All manuscripts submitted to the Journal of Business Chemistry are reviewed critically. It is the responsibility of the Editors-in-Chief, the Executive Editors and the Advisory Board to determine their suitability for publication. After receipt of a manuscript of a regular paper by the Editorial Office, it is sent to an Executive Editor who usually assigns it to two anonymous reviewers. The Board members then make a definitive recommendation for acceptance, revision, or declination based on the scientific/academic merit and quality of the studies reported. Referees may be consulted when additional expertise is required; decisions on manuscripts are made on the basis of a peer-review.

All Board members and referees who review a manuscript remain unknown to the authors. Every manuscript is treated by the Editors and referees as privileged information, and they are instructed to exclude themselves from review of any manuscript that might involve a conflict of interest or the appearance thereof.

The primary criteria for judging the acceptability of a manuscript are its originality and academic or practical importance. Manuscripts judged lacking in these respects will be declined. If a manuscript is not recommended for publication by one of the reviewers, the Executive Editor can decline it without further review. In some instances, the Executive Editor may also seek a second/third opinion from another reviewer but is not obligated to do so.

Criteria for acceptance and passing on the articles for the review process:

1. Topic fit.

2. Relevance for academia/practitioners.

3. Originality.

4. Length.

5. Linguistic quality.

Guidelines for editorial decisions

The members of the Editorial Board use flexible guidelines to assist reviewers in making editorial decisions.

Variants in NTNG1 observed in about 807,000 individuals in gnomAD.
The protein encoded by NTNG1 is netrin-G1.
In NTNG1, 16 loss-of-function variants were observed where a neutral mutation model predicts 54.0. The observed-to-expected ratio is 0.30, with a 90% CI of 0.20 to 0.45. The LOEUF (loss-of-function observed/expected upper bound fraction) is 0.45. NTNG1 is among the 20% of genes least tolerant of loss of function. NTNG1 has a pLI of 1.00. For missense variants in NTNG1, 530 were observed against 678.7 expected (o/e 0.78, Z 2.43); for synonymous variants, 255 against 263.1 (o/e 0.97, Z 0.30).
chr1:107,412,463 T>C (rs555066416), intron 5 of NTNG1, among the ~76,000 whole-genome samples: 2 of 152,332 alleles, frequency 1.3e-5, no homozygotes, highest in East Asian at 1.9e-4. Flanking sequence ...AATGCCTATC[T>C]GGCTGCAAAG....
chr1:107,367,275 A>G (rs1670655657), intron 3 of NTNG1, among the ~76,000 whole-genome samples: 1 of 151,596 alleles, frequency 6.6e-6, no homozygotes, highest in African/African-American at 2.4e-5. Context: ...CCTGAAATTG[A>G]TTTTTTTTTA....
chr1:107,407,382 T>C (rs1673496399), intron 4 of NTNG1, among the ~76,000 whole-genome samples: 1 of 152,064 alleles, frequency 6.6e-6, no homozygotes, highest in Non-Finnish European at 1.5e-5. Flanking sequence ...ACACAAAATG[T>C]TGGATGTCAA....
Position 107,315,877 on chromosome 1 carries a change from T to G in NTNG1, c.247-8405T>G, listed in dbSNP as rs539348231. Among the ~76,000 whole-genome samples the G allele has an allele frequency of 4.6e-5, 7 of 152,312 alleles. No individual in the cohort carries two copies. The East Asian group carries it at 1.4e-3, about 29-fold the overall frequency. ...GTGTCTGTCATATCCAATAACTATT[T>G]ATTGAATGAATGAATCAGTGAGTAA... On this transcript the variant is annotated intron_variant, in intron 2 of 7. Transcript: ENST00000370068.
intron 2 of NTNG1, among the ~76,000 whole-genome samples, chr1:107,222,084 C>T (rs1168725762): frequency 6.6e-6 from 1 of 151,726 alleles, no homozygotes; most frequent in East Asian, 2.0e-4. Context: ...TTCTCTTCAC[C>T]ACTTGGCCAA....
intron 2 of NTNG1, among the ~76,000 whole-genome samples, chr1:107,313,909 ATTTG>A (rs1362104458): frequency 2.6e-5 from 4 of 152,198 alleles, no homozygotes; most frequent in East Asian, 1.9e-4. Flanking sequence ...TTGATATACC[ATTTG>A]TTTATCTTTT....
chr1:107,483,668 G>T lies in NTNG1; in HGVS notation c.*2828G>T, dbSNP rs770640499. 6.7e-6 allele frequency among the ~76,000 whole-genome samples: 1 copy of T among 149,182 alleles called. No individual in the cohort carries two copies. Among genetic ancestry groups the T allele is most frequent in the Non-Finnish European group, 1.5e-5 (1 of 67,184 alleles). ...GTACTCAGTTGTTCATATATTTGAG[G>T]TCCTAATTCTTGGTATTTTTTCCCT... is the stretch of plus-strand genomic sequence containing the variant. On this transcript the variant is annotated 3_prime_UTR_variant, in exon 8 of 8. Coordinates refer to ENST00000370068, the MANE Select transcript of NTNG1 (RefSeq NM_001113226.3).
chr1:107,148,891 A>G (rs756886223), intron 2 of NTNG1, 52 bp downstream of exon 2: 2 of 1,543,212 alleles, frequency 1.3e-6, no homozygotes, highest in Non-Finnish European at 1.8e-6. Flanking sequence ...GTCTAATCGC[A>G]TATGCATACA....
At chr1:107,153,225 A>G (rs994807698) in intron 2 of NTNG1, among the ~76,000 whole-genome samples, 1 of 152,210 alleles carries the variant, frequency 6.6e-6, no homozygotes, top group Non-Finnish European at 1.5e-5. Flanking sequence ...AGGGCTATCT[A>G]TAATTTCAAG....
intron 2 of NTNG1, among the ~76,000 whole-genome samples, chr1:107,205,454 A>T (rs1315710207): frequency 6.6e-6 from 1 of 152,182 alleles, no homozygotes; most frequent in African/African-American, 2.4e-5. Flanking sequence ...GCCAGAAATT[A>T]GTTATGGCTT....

The primary criteria for judging the acceptability of a manuscript are originality and (scientific or practical) importance.

Manuscripts failing to deal with management issues in a chemical context in the widest range (including biotechnology or similar industries) are usually inappropriate for the Journal of Business Chemistry.

The same criteria are used for the assessment of the research papers as well as the practitioner’s section.

Criteria for review:

1. Abstract:

a) Summary of the article

b) Coherence with the whole article

2. Introduction:

a) Introduction of the research topic

b) Relevance of the topic (argumentation)

c) Connection with the rest of the article/further structure

3. Main part:

a) Description of the current state of research

b) Identification of research gaps/argumentation of the thematic focus

c) Critical analysis of the literature

d) Definition of relevant terms (common baseline)

e) Quality and comprehensibility of examples

f) Comprehensibility of aims and developed hypotheses/models

g) Methodology/data presented transparently

h) Understandable and clear presentation of results

i) Discussion (logical connection of content)

4. Final part:

a) Summary presentation of results

b) Coherence with regard to the whole article

c) Outlook and implications

5. General criteria:

a) Common theme

b) Structure of each section

c) Adequate length of each section

d) Figures (important complementation of the text, comprehensibility)

e) Use of literature (relevance, topicality, quality, quantity)

f) Readability (transitions, sound argumentation, acceptable justifications)

g) Linguistic quality

Issues